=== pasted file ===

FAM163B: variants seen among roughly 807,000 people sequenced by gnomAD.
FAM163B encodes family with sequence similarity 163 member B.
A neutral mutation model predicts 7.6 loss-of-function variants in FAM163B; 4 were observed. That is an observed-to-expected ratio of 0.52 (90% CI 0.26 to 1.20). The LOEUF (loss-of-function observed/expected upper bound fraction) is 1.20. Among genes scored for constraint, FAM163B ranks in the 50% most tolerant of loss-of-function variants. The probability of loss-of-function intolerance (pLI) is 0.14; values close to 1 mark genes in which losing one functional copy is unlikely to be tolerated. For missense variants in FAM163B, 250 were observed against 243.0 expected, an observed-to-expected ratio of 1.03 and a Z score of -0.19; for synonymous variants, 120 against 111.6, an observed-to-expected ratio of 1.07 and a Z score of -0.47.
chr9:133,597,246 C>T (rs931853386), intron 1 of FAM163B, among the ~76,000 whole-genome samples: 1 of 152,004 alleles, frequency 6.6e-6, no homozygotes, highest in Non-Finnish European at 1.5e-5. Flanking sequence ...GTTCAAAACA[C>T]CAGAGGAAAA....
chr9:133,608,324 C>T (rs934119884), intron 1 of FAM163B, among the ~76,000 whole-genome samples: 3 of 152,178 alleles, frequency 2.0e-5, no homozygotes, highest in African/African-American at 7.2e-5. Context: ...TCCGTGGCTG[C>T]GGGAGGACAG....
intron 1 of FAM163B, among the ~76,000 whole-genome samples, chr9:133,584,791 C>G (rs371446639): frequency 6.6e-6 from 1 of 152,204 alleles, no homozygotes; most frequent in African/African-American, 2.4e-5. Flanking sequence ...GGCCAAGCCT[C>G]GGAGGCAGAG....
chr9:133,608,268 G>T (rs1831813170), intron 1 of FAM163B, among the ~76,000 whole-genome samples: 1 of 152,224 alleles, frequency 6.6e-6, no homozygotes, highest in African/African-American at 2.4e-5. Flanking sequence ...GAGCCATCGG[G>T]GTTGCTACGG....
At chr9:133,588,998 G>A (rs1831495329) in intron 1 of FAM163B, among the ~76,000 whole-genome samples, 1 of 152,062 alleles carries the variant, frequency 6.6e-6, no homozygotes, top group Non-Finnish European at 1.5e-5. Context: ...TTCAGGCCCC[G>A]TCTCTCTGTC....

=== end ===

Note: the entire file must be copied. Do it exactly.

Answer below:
FAM163B: variants seen among roughly 807,000 people sequenced by gnomAD.
FAM163B encodes family with sequence similarity 163 member B.
A neutral mutation model predicts 7.6 loss-of-function variants in FAM163B; 4 were observed. That is an observed-to-expected ratio of 0.52 (90% CI 0.26 to 1.20). The LOEUF (loss-of-function observed/expected upper bound fraction) is 1.20. Among genes scored for constraint, FAM163B ranks in the 50% most tolerant of loss-of-function variants. The probability of loss-of-function intolerance (pLI) is 0.14; values close to 1 mark genes in which losing one functional copy is unlikely to be tolerated. For missense variants in FAM163B, 250 were observed against 243.0 expected, an observed-to-expected ratio of 1.03 and a Z score of -0.19; for synonymous variants, 120 against 111.6, an observed-to-expected ratio of 1.07 and a Z score of -0.47.
chr9:133,597,246 C>T (rs931853386), intron 1 of FAM163B, among the ~76,000 whole-genome samples: 1 of 152,004 alleles, frequency 6.6e-6, no homozygotes, highest in Non-Finnish European at 1.5e-5. Flanking sequence ...GTTCAAAACA[C>T]CAGAGGAAAA....
chr9:133,608,324 C>T (rs934119884), intron 1 of FAM163B, among the ~76,000 whole-genome samples: 3 of 152,178 alleles, frequency 2.0e-5, no homozygotes, highest in African/African-American at 7.2e-5. Context: ...TCCGTGGCTG[C>T]GGGAGGACAG....
intron 1 of FAM163B, among the ~76,000 whole-genome samples, chr9:133,584,791 C>G (rs371446639): frequency 6.6e-6 from 1 of 152,204 alleles, no homozygotes; most frequent in African/African-American, 2.4e-5. Flanking sequence ...GGCCAAGCCT[C>G]GGAGGCAGAG....
chr9:133,608,268 G>T (rs1831813170), intron 1 of FAM163B, among the ~76,000 whole-genome samples: 1 of 152,224 alleles, frequency 6.6e-6, no homozygotes, highest in African/African-American at 2.4e-5. Flanking sequence ...GAGCCATCGG[G>T]GTTGCTACGG....
At chr9:133,588,998 G>A (rs1831495329) in intron 1 of FAM163B, among the ~76,000 whole-genome samples, 1 of 152,062 alleles carries the variant, frequency 6.6e-6, no homozygotes, top group Non-Finnish European at 1.5e-5. Context: ...TTCAGGCCCC[G>A]TCTCTCTGTC....